Kevin Klinkenberg guest writes for OneKC Voice about maintaining and developing a healthy downtown.
Who doesn't want a healthy downtown? After all, isn't that like mom and apple pie?
The truth is, universally people declare that they wish their immediate downtown was vibrant and healthy, as well as other downtowns in the region. And yet we seem to struggle to achieve this in so many of our communities. Why is this? Do we not mean what we say?
Of course, the answers are complex. In some cases, we have willfully presided over the demise of the hearts of our communities, but most of the time it's unintended consequences that have caused so much damage. We've created big roadways that bypass or cut off our downtowns, land use policies that make redevelopment difficult, encouraged or subsidized their competition in shopping centers with free parking, and in general not realized the appeal that these places have to so many people. But the good news is threefold:
First, we still have good bones to work with in many of our communities. Any community in the area older than the 1950s (and that's most of them) has some semblance of a downtown that is still functioning today. Some are doing quite well. So it's not like we have to start from scratch like some other areas.
Second, we have a collective history of vibrant places connected by rail as well as by road. In fact, we often forget that all of our communities, pre-World War II, were the kinds of places we seek to create now: walkable, mixed-use and transit-oriented. Too often we've let myth overtake us, and forget that healthy downtowns are part of our history.
And most importantly, after decades of hand-wringing, we now know what to do about it. Some places are farther along than others, but the recipes are not that complicated: a substantial and diverse residential population; streets and civic spaces that make walking enjoyable; a professional management agency with steady funding to promote and advocate the importance of urban areas; transportation policies that bring people downtown; land use policies such as form-based zoning codes that make mixed-use, walkable development easy and predictable; parking plans that manage use rather than prescribing unnecessary over-supply; and most importantly, connections. Our downtowns need connections to their surrounding neighborhoods, and also to each other. The vibrancy of a downtown Overland Park is only enhanced by a direct connection to a vibrant downtown Mission.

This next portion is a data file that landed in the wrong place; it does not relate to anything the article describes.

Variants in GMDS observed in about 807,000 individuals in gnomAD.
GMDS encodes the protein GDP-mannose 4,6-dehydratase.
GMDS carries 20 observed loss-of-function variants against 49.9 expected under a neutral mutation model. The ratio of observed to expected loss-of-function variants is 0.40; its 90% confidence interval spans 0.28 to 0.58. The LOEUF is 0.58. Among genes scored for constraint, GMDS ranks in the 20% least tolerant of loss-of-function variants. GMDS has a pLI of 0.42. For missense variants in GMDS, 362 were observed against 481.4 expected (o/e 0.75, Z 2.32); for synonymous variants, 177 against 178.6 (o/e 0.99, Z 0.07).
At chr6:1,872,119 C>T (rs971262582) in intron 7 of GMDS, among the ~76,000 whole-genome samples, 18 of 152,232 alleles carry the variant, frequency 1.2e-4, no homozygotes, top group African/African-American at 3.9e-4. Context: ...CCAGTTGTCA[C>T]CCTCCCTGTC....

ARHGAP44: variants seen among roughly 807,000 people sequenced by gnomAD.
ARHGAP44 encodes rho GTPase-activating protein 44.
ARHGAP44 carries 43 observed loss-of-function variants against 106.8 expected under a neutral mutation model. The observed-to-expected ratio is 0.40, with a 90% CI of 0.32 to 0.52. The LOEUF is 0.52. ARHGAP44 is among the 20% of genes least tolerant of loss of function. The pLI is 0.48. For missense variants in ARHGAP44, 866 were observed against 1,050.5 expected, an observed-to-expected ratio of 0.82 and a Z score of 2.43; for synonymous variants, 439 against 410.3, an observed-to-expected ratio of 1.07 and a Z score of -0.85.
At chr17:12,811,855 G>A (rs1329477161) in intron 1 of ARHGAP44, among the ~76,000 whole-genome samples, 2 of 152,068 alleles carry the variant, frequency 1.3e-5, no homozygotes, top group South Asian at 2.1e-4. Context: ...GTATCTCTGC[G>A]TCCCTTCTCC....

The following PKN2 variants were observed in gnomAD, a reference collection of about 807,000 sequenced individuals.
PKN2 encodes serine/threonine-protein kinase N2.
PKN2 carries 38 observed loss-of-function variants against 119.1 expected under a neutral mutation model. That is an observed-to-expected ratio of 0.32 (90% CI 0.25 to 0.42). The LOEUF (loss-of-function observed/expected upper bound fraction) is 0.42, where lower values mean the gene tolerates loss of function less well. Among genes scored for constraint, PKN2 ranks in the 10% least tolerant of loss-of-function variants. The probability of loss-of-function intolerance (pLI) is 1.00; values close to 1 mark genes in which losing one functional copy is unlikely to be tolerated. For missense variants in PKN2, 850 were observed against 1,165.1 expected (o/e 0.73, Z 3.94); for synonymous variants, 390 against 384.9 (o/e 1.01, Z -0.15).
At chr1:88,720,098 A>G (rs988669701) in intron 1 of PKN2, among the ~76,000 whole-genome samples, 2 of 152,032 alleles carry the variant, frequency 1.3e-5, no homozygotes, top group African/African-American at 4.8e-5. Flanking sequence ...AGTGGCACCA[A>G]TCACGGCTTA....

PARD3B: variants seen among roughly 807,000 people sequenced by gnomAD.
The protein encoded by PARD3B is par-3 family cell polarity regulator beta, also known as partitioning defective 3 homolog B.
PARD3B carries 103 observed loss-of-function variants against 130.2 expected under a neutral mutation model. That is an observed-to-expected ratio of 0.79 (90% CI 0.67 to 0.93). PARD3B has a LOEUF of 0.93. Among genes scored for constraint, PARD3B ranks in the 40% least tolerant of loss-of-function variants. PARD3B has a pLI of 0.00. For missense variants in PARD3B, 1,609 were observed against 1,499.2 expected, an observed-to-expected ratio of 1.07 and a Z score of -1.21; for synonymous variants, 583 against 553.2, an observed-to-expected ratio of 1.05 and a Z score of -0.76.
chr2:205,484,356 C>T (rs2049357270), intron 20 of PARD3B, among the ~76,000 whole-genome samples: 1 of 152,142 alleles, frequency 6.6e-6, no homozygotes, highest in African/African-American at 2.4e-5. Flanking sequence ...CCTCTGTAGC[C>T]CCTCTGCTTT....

If it sounds easy, it isn't. We still have to overcome politics, baggage of past issues, skeptical residents, and most often inertia. And these things certainly don't happen in a year or two or even five. It took many of our downtowns decades to decline, and we can't expect them to immediately recover. But recover they must, for if we are truly to become"America's Green Region" we must begin with how we live and work in our communities.